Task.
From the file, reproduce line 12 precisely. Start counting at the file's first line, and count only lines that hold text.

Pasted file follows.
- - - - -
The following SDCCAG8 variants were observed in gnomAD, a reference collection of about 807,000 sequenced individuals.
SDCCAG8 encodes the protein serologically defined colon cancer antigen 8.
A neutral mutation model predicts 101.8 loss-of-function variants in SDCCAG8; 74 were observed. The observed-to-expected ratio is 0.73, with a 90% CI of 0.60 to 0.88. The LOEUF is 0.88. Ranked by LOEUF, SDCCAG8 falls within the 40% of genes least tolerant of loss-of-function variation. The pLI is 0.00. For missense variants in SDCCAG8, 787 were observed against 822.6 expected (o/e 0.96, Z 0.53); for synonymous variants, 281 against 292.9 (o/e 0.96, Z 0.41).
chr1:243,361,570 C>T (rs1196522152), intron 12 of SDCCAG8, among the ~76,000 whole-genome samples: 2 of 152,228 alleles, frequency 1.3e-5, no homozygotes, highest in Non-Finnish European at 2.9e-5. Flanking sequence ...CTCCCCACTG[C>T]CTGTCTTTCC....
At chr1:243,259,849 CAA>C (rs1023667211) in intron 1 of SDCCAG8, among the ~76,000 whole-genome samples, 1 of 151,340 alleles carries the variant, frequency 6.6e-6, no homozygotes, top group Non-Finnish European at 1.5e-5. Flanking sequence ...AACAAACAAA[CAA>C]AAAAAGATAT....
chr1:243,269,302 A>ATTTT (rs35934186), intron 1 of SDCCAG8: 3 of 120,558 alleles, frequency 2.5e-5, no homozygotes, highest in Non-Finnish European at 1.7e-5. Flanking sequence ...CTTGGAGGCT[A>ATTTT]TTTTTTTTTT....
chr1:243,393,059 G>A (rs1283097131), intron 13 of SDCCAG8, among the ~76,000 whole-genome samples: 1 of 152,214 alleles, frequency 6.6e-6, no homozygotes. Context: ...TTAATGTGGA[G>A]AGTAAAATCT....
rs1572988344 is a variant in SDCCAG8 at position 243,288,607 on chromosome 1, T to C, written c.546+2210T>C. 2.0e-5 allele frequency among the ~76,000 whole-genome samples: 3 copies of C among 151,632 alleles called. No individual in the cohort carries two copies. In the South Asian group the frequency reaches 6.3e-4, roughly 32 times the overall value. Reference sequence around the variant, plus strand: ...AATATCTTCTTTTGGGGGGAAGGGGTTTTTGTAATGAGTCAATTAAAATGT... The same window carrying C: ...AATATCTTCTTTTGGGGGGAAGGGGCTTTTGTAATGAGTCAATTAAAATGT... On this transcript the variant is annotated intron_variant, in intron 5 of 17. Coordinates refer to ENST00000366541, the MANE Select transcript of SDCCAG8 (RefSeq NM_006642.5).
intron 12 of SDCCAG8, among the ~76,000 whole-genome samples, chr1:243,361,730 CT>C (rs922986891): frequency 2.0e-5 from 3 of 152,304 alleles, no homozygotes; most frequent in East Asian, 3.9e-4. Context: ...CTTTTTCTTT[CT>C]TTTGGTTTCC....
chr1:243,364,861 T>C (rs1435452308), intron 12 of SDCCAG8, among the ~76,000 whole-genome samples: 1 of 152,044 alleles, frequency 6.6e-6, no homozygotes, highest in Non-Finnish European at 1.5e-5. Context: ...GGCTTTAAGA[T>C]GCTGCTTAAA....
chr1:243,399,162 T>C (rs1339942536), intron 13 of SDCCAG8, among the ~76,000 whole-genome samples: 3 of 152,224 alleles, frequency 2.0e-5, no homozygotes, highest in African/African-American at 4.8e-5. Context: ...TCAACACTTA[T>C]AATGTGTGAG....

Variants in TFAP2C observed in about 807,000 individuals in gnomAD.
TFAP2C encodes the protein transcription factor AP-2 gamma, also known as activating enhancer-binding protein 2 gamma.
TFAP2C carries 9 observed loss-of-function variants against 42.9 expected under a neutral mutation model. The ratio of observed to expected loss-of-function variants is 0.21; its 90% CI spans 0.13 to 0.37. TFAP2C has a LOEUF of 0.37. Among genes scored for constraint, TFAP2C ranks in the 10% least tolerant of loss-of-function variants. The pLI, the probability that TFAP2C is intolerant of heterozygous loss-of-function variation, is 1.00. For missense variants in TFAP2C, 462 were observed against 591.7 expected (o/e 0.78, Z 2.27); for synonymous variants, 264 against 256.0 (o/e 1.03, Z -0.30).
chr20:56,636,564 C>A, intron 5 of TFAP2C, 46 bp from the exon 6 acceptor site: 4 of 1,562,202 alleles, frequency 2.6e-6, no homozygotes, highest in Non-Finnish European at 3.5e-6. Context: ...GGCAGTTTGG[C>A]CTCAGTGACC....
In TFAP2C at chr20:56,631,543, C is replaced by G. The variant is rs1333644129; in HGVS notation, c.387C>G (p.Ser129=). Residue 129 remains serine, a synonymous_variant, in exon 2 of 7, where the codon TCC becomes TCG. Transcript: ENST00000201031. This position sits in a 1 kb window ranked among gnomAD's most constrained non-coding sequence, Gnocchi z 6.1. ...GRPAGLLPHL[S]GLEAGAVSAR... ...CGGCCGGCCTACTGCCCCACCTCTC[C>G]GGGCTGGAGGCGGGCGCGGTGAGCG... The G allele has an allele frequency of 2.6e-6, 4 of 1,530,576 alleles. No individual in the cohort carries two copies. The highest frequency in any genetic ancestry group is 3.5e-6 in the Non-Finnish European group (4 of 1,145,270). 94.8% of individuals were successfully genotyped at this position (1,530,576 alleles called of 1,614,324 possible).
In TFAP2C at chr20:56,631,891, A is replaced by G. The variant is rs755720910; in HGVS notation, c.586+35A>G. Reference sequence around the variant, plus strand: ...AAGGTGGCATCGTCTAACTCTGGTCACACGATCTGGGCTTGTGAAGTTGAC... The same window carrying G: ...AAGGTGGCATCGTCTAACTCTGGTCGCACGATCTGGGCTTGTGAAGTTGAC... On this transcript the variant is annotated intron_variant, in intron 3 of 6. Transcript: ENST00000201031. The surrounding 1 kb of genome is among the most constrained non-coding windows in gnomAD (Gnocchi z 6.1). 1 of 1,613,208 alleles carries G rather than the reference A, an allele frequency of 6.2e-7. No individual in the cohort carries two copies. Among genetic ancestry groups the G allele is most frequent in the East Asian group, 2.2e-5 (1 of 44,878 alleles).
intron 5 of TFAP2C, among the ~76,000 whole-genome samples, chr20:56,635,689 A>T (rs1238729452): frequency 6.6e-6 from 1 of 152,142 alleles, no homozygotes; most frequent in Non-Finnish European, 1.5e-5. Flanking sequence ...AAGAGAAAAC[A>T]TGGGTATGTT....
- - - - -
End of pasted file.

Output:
Variants in TFAP2C observed in about 807,000 individuals in gnomAD.